Topic 123

These Tax Topics contain general individual and business tax information. If you don't find the answer to your question below, also check Frequently Asked Questions, Interactive Tax Assistant (ITA) and Tax Trails.

IRS Help Available Topic 100
IRS Services – Volunteer Tax Assistance, Outreach Programs and Identity Theft Topic 101
Tax Assistance for Individuals with Disabilities and the Deaf and Hard of Hearing Topic 102
Tax Help for Small Businesses and the Self-Employed Topic 103
Taxpayer Advocate Service – Your Voice at the IRS Topic 104
Armed Forces Tax Information Topic 105
Tax Relief in Disaster Situations Topic 107
IRS Procedures Topic 150
Your Appeal Rights Topic 151
Refund Information Topic 152
What To Do if You Haven't Filed Your Tax Return Topic 153
Form W-2 and Form 1099-R (What to Do if Incorrect or Not Received) Topic 154
Forms and Publications – How to Order Topic 155
Copy of Your Tax Return – How to Get One Topic 156
Change of Address – How to Notify the IRS Topic 157
Ensuring Proper Credit of Payments Topic 158
Prior Year(s) Form W-2 (How to Get a Copy) Topic 159
Form 1099-A (Acquisition or Abandonment of Secured Property) and Form 1099-C (Cancellation of Debt) Topic 160
Collection Topic 200
The Collection Process Topic 201
Tax Payment Options Topic 202
Refund Offsets for Unpaid Child Support, Certain Federal and State Debts, and Unemployment Compensation Debts Topic 203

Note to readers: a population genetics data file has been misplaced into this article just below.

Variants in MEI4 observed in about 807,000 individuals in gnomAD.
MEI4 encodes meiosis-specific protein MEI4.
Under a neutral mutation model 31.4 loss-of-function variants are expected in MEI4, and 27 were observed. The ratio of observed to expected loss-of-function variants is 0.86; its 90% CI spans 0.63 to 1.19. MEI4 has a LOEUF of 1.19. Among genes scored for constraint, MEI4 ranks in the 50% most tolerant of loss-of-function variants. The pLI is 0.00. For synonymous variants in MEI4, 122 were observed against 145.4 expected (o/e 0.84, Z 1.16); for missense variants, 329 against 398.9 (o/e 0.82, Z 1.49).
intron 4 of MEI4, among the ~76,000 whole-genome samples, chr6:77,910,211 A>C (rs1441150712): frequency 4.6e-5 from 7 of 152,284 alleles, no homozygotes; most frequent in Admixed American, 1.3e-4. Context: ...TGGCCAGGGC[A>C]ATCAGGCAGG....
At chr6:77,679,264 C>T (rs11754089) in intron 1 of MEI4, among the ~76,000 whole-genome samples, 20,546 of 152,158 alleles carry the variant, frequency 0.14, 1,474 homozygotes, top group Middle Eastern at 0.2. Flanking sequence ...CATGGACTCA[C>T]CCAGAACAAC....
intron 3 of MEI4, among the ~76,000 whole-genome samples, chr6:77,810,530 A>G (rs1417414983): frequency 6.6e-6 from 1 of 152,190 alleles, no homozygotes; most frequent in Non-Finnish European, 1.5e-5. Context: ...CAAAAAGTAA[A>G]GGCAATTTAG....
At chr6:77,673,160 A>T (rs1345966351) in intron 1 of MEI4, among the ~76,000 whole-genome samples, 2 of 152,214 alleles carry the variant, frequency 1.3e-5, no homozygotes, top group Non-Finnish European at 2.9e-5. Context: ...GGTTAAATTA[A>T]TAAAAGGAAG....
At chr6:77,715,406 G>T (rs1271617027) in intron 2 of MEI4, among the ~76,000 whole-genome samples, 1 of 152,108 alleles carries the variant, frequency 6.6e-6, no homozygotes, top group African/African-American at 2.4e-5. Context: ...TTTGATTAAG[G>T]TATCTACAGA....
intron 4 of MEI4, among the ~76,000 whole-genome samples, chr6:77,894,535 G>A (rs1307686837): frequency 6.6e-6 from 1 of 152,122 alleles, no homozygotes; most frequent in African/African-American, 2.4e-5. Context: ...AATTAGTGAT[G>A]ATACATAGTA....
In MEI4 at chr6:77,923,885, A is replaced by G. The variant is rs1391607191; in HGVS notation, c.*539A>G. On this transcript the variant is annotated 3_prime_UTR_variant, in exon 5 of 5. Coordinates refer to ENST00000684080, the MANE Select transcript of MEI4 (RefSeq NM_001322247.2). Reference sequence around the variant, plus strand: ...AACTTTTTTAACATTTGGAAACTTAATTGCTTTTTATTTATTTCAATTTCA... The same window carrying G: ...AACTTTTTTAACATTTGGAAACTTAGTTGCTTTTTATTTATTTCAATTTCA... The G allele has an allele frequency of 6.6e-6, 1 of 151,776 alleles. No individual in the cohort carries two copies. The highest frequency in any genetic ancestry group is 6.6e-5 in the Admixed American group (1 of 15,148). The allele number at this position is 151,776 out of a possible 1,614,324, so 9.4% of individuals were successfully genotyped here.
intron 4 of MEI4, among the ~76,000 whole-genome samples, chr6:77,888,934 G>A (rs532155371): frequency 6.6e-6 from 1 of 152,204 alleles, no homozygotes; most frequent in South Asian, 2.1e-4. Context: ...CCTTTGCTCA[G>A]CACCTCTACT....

Offers In Compromise Topic 204
Innocent Spouse Relief (Including Separation of Liability and Equitable Relief) Topic 205
Dishonored Payments Topic 206
Alternative Filing Methods Topic 250
Substitute Tax Forms Topic 253
How to Choose a Tax Return Preparer Topic 254
Self-Select PIN Signature Method for Online Registration Topic 255
General Information Topic 300
When, Where, and How to File Topic 301
Checklist of Common Errors When Preparing Your Tax Return Topic 303
Extensions of Time to File Your Tax Return Topic 304
Recordkeeping Topic 305
Penalty for Underpayment of Estimated Tax Topic 306
Backup Withholding Topic 307
Amended Returns Topic 308
Roth IRA Contributions Topic 309
Coverdell Education Savings Accounts Topic 310
Power of Attorney Information Topic 311
Disclosure Authorizations Topic 312
Qualified Tuition Programs (QTPs) Topic 313
Which Forms to File Topic 350
Which Form – 1040, 1040A, or 1040EZ? Topic 352
Decedents Topic 356
Types of Income Topic 400
Wages and Salaries Topic 401
Interest Received Topic 403
Dividends Topic 404
Business Income Topic 407
Capital Gains and Losses Topic 409
Pensions and Annuities Topic 410
Pensions – The General Rule and the Simplified Method Topic 411
Lump-Sum Distributions Topic 412
Rollovers from Retirement Plans Topic 413
Rental Income and Expenses Topic 414
Renting Residential and Vacation Property Topic 415
Farming and Fishing Income Topic 416
Earnings for Clergy Topic 417
Unemployment Compensation Topic 418
Gambling Income and Losses Topic 419
Bartering Income Topic 420
Scholarship and Fellowship Grants Topic 421
Social Security and Equivalent Railroad Retirement Benefits Topic 423
401(k) Plans Topic 424
Passive Activities – Losses and Credits Topic 425
Stock Options Topic 427
Traders in Securities (Information for Form 1040 Filers) Topic 429
Receipt of Stock in a Demutualization Topic 430
Canceled Debt – Is It Taxable or Not? Topic 431
Adjustments to Income Topic 450
Individual Retirement Arrangements (IRAs) Topic 451
Alimony Paid Topic 452
Bad Debt Deduction Topic 453
Moving Expenses Topic 455
Student Loan Interest Deduction Topic 456
Tuition and Fees Deduction Topic 457
Educator Expense Deduction Topic 458
Itemized Deductions Topic 500
Should I Itemize? Topic 501
Medical and Dental Expenses Topic 502
Deductible Taxes Topic 503